TOKYO (Reuters) - Japan and Australia clinched a basic trade deal to cut import tariffs, the Australian media reported, as United States and Japanese officials stepped up efforts to reach a parallel agreement that would re-energise stalled talks on a broader regional pact.
The agreement between Tokyo and Canberra comes as the US and Japan push for their own two-way trade deal - a key component of a broader US-led Trans-Pacific Partnership (TPP) pact, before a visit later this month by President Barack Obama.
"After seven long years of negotiation this historic agreement has been concluded," Australian media quoted Australian Trade Minister Andrew Robb as saying in Tokyo.
Monday's bilateral deal, which is expected to be formally announced after a summit later in the day between Australian Prime Minister Tony Abbott and Japanese Prime Minister Shinzo Abe, features cuts to Tokyo's tariffs on Australian beef and an end to Canberra's duty on cars, major newspapers reported earlier.
A deal with Australia that allows Japan to keep even reduced tariffs on politically-sensitive agricultural products such as beef would give Tokyo ammunition against US demands to scrap tariffs in the TPP deal, which aims to remove import levies, experts said.
Such a deal means "Australia gets preferential treatment over the US, and America will be under pressure to strike a TPP deal short-term that puts it on a level playing field with Australia", said Professor Aurelia George Mulgan, a professor of Japanese politics at the University of New South Wales.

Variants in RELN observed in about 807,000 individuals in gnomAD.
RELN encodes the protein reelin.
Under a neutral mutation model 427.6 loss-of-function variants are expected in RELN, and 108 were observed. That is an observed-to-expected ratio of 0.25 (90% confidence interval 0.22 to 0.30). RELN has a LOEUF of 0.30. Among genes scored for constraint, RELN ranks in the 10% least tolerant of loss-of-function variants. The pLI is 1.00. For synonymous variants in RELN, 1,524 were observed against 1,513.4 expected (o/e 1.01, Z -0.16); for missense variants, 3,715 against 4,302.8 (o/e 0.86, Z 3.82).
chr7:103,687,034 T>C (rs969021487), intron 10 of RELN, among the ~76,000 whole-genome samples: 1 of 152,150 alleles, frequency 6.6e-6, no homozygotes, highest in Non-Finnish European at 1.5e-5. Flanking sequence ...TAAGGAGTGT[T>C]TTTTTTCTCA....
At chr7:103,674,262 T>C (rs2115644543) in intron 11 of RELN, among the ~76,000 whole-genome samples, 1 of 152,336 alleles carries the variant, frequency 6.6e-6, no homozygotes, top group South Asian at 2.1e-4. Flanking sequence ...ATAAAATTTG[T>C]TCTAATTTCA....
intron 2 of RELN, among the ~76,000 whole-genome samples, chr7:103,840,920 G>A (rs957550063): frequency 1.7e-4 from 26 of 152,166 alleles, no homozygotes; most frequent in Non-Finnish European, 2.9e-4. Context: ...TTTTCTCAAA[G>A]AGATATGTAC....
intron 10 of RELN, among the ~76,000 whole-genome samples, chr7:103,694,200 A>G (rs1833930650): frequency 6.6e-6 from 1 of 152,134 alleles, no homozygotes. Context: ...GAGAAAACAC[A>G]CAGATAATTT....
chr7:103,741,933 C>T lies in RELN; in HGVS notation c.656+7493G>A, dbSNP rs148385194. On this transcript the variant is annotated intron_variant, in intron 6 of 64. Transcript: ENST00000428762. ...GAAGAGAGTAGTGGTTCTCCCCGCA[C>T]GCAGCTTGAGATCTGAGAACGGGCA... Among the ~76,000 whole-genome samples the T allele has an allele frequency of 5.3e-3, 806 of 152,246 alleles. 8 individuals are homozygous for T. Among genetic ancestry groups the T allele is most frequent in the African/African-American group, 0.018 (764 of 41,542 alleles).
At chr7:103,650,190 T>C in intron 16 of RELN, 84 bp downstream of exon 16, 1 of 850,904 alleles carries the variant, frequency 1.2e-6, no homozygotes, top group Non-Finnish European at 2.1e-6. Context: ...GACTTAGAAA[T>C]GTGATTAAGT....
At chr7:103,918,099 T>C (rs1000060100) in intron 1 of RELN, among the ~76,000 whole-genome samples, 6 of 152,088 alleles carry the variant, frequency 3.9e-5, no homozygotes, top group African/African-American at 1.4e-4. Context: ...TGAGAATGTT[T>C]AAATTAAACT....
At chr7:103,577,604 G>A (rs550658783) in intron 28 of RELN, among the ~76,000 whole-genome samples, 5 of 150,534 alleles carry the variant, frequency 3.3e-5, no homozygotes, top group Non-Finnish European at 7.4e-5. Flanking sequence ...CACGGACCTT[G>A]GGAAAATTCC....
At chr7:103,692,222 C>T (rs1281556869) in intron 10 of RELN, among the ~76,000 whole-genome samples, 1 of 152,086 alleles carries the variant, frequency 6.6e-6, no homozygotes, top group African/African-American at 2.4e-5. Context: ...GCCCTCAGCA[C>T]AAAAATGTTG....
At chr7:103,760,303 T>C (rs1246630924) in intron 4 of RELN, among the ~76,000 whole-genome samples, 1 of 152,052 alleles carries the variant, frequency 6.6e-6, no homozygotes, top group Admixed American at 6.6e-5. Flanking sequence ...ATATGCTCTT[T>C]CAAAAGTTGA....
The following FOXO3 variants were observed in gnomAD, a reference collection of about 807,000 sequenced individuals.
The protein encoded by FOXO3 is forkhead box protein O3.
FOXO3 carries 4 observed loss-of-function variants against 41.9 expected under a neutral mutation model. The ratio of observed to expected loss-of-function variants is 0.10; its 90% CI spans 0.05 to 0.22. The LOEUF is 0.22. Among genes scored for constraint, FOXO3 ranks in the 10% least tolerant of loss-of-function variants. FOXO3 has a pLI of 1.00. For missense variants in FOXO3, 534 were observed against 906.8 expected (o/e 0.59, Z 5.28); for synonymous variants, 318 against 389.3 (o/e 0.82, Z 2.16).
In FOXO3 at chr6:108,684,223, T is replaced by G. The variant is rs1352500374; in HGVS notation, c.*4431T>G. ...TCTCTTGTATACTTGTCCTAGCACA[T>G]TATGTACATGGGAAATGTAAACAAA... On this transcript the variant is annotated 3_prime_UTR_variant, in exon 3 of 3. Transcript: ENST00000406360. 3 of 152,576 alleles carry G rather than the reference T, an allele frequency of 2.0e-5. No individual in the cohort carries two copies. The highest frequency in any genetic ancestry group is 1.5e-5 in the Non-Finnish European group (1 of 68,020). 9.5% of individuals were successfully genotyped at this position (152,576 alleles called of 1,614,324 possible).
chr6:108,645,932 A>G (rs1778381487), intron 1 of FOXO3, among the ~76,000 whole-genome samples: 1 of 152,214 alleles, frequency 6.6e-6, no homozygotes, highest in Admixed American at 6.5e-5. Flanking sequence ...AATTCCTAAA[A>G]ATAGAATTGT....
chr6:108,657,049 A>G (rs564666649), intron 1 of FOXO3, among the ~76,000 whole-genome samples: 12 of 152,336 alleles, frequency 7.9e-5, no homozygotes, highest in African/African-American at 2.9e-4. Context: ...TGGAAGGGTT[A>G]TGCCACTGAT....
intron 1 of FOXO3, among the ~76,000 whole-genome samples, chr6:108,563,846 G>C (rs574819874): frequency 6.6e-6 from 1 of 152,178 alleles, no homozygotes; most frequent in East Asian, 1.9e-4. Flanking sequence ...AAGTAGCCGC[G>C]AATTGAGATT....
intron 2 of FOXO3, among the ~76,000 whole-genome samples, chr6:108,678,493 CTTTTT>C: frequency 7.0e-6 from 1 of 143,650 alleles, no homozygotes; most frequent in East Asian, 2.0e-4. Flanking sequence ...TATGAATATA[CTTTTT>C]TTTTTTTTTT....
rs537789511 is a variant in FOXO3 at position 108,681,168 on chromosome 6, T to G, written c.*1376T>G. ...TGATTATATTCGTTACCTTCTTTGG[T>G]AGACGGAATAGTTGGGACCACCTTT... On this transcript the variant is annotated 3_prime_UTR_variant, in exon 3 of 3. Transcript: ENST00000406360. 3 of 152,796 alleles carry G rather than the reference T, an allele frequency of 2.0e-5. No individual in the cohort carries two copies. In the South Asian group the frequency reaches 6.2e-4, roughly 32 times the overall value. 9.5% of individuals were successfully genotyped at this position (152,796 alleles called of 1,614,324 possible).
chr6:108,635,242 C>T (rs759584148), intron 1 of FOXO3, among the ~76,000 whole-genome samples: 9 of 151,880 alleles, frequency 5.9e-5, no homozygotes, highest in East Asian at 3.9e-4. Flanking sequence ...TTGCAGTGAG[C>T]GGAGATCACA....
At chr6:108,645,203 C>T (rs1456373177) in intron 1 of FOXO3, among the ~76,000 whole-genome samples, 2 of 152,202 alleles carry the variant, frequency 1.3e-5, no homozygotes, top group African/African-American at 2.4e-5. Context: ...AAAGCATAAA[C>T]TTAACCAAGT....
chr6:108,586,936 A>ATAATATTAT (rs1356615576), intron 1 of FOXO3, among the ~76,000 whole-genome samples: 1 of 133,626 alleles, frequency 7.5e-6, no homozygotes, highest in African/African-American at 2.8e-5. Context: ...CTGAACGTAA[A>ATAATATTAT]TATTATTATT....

Japan will agree to cut its tariffs on Australian beef to below 30 per cent from the current 38.5 per cent and Australia will scrap its 5 per cent duty on small and mid-sized Japanese cars, the media reports said, citing unnamed sources.
Canberra had a lower hurdle on tariffs for Japanese cars after Australia's three remaining carmakers - Toyota Motor Corp, General Motors Corp and Ford Motor Co - decided to quit Australian domestic production by 2017 due to high costs and a strong Australian currency.
US Trade Representative Michael Froman leaves on Monday for Tokyo, his office said. He will meet with Economy Minister Akira Amari on Wednesday, the Japanese media said, in a bid to break a bilateral stalemate bogging down the 12-nation TPP talks.
Washington and Tokyo are each urging the other to be more flexible on the sticking points of access to Japan's farm and car markets and US tariffs on imported cars and trucks.
The TPP is a centrepiece of Mr Obama's push to expand the US presence in Asia. The talks have entered their fifth year. The Japanese and US economies dominate the grouping, which encompasses one-third of global imports and exports.
"What is going on is a game of chicken," Prof Mulgan said. The US and Japan "want an agreement but they are not prepared to pay a high price. Japan knows that America wants it on board because TPP without Japan is not worth all that much. Japan is playing hardball". The United States wants Japan to open its rice, beef and pork, dairy and sugar sectors - areas Mr Abe has vowed to defend.
Japan wants a timetable on US promises to drop tariffs of 2.5 per cent on imports of passenger cars and 25 per cent on light trucks.
Advocates say the TPP could accelerate global economic growth, boost US exports and level the playing field between emerging and rich nations in. The TPP talks, including Canada, Mexico, New Zealand, Malaysia and others, missed a deadline for an agreement by the end of last year.
Mr Abe and Mr Abbott are also stressing their countries' close security ties as Tokyo seeks tighter relations with regional partners to cope with a rising China.
In a symbolic gesture, Mr Abbott became the first foreign leader to attend a special session of Japan's National Security Council, set up last year to coordinate policies.
"Tony, you are the very first foreign leader to attend our session at Japan's national security council," Mr Abe said.
"I think this fact that we are having this session with you signifies the fact that there is a strong bond of trust between Japan and Australia," he said.